You don't need to write a Pulitzer-worthy essay to get a perfect score. In fact, College Board (the makers of the SAT) have done a pretty good job of telling you exactly what you need to do in order to get the best score possible. They've given sample essays that have been scored, and we can learn a lot by looking at the perfect-scoring example essay. And guess what? There's good news! You can follow a simple formula and still get a perfect score. In fact, we highly recommend following this formula. Let's take a look.


Can I realistically raise my SAT score by 150 or more points?

For most students, yes. This goal is more realistic if you aren't starting with a 1300+, of course. However, raising your SAT score significantly requires time, hard work and a good plan. If you are willing to do those things, you can raise your score.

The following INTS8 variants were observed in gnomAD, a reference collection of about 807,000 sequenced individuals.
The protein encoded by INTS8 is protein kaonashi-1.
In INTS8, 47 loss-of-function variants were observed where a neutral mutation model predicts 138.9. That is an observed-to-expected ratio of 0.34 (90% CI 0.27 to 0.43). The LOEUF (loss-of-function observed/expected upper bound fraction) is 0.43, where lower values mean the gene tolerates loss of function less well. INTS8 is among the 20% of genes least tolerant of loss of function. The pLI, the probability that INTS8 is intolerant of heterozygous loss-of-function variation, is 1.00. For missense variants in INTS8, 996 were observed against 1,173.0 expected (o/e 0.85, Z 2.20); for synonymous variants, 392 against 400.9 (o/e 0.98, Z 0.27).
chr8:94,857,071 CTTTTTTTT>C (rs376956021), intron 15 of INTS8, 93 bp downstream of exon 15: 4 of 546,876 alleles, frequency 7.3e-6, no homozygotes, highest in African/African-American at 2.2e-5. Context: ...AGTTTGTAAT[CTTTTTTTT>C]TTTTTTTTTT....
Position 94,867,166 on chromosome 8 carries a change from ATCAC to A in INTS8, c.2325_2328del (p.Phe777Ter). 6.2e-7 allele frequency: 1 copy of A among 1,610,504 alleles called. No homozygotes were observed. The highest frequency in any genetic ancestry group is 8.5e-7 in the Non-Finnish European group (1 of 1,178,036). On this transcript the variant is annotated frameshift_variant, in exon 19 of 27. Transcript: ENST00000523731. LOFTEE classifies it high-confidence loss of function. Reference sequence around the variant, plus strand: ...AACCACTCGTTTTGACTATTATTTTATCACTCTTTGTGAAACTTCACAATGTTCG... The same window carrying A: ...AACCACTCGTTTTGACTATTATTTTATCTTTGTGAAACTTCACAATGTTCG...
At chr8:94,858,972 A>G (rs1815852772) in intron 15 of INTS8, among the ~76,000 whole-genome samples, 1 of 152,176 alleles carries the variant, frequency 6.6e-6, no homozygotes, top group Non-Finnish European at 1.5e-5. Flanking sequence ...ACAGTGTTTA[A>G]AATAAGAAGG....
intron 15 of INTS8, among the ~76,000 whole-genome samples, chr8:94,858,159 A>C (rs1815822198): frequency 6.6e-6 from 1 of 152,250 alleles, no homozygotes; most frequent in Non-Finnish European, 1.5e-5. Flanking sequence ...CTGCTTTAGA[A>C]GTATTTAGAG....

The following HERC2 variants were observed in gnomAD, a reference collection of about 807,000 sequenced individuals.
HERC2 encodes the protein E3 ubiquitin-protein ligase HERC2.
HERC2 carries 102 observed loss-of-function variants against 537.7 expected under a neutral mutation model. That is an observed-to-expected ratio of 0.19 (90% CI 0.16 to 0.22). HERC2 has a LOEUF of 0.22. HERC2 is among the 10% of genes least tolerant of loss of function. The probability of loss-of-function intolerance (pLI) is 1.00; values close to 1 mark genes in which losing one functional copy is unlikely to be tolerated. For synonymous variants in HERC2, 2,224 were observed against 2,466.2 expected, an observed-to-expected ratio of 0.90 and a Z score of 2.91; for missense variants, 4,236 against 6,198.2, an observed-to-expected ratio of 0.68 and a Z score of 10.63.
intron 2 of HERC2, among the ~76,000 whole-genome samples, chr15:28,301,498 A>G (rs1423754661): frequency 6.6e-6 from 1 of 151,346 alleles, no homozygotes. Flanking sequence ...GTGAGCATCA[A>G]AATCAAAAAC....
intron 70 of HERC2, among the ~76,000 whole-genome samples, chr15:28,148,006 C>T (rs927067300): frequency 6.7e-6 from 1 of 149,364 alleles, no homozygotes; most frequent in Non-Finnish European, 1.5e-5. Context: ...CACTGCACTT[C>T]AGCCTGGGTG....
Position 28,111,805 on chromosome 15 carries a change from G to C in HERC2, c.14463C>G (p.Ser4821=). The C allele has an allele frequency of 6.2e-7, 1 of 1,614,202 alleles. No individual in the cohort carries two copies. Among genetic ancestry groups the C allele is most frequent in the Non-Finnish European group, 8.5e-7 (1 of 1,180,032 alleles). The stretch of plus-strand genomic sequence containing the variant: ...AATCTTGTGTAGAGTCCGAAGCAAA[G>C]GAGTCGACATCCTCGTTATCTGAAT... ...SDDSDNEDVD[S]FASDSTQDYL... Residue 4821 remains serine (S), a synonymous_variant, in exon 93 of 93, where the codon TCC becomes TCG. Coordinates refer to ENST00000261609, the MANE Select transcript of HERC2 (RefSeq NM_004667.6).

Is it better to improve my weaknesses or my strengths?

Unless your strengths are so strong that there isn't much room left for improvement (i.e., you are scoring a 750+ on math), you should spend some time on both. However, for a lot of students, the biggest gains in the shortest time often come from getting better at their weaknesses.

How much time should I spend on SAT prep?

This of course various, but a lot of students could get real improvement by spending four hours per week for eight weeks on SAT prep. That time should be split between reviewing content and doing practice tests.

No matter how much time you spend on SAT prep, remember that quality time is more important than anything else. Treat every practice question like it's a test question, and have a plan that guides how you will spend your time.

How many times should I take the SAT?